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When intensity-only recovery is used, the N modulation levels correspond to N constellation points on the real axis. By converting to complex recovery, the constellation points are rotated and spread on a two dimensional plane. Taking 3-level PAM (3-PAM) signal as an example, the constellations obtained by the two recovery schemes are shown in Figs. 3(a) and 3(b) respectively. By inducing a phase rotation into the signal, the constellation points are separated further away. Therefore, the complex recovery shows a better tolerance to the noise compared to the intensity-only recovery, leading to better performance. However, the performance of complex recovery is limited by two factors: (1) the phase rotation of Eq. (6) is not fully utilized for signal recovery, part of the information is artificially removed for the simplicity of DSP; and (2) additional noise is induced into the phase during the estimation of Eq. (13).

 

Fig. 3 Constellations of 3-PAM signal when (a) intensity-only recovery and (b) complex recovery are used.

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3.2.2 Recovery scheme based on Viterbi algorithm

To avoid the drawbacks in complex recovery, Viterbi algorithm is applied to facilitate a more advanced signal recovery. For Viterbi algorithm, the possible modulations in a signal sequence are represented by a trellis shown in Fig. 4 [18,19]. The L symbols in the sequence are denoted by the L nodes in the trellis, and N modulation levels are denoted by the N states (S1,S2,,SN) at each node. Using a branch in the trellis to represent a modulation transition, an input sequence corresponds to a unique path (red line in Fig. 4) through the trellis. Viterbi algorithm searches the most likely path based on two metrics, the branch metric and the state metric [18].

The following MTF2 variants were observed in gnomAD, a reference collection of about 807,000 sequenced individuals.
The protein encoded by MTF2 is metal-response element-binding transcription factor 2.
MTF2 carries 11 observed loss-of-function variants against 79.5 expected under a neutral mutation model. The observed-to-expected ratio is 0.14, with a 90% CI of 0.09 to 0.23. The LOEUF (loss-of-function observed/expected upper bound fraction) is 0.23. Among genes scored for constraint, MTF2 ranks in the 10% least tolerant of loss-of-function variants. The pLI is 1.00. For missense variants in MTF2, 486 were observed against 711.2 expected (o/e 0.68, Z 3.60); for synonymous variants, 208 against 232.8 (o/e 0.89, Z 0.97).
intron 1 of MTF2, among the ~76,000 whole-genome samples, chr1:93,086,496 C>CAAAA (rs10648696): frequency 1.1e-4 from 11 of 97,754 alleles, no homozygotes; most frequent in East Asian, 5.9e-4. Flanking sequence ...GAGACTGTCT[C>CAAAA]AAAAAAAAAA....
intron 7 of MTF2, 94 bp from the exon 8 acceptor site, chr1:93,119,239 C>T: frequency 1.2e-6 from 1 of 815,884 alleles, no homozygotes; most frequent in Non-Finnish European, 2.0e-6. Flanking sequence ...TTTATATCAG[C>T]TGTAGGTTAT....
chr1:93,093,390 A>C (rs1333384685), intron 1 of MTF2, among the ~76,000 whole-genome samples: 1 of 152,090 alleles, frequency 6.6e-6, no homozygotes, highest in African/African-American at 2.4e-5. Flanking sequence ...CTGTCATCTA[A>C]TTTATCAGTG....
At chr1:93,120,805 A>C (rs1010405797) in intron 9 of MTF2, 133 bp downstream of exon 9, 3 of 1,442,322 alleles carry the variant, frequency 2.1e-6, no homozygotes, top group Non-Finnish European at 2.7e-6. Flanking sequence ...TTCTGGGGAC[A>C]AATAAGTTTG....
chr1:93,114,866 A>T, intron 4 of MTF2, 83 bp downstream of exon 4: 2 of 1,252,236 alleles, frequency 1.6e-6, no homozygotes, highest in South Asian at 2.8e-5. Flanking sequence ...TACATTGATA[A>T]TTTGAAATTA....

Fig. 4 Trellis for a signal sequence corresponding to 3-level modulation of a DML.

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The branch metric m[Si(K1),Sj(K)](i,j=1,2,,N) is a measurement of the likelihood for the transition from the i-th state at (K-1)-th node to the j-th state at K-th node. It is usually characterized by the distance between the ideal outputs and the actual observations at the receiver. For the transition [S(K1),S(K)], we have three observations, the intensity for the two symbols, P(K1) and P(K), and the phase rotation between the two symbols Δφ(K1,K). The branch metric is then defined as

m[Si(K1),Sj(K)]=|PiP(K1)|+|Pjexp(iΔφij)P(K)exp(iΔφ(K1,K))|2,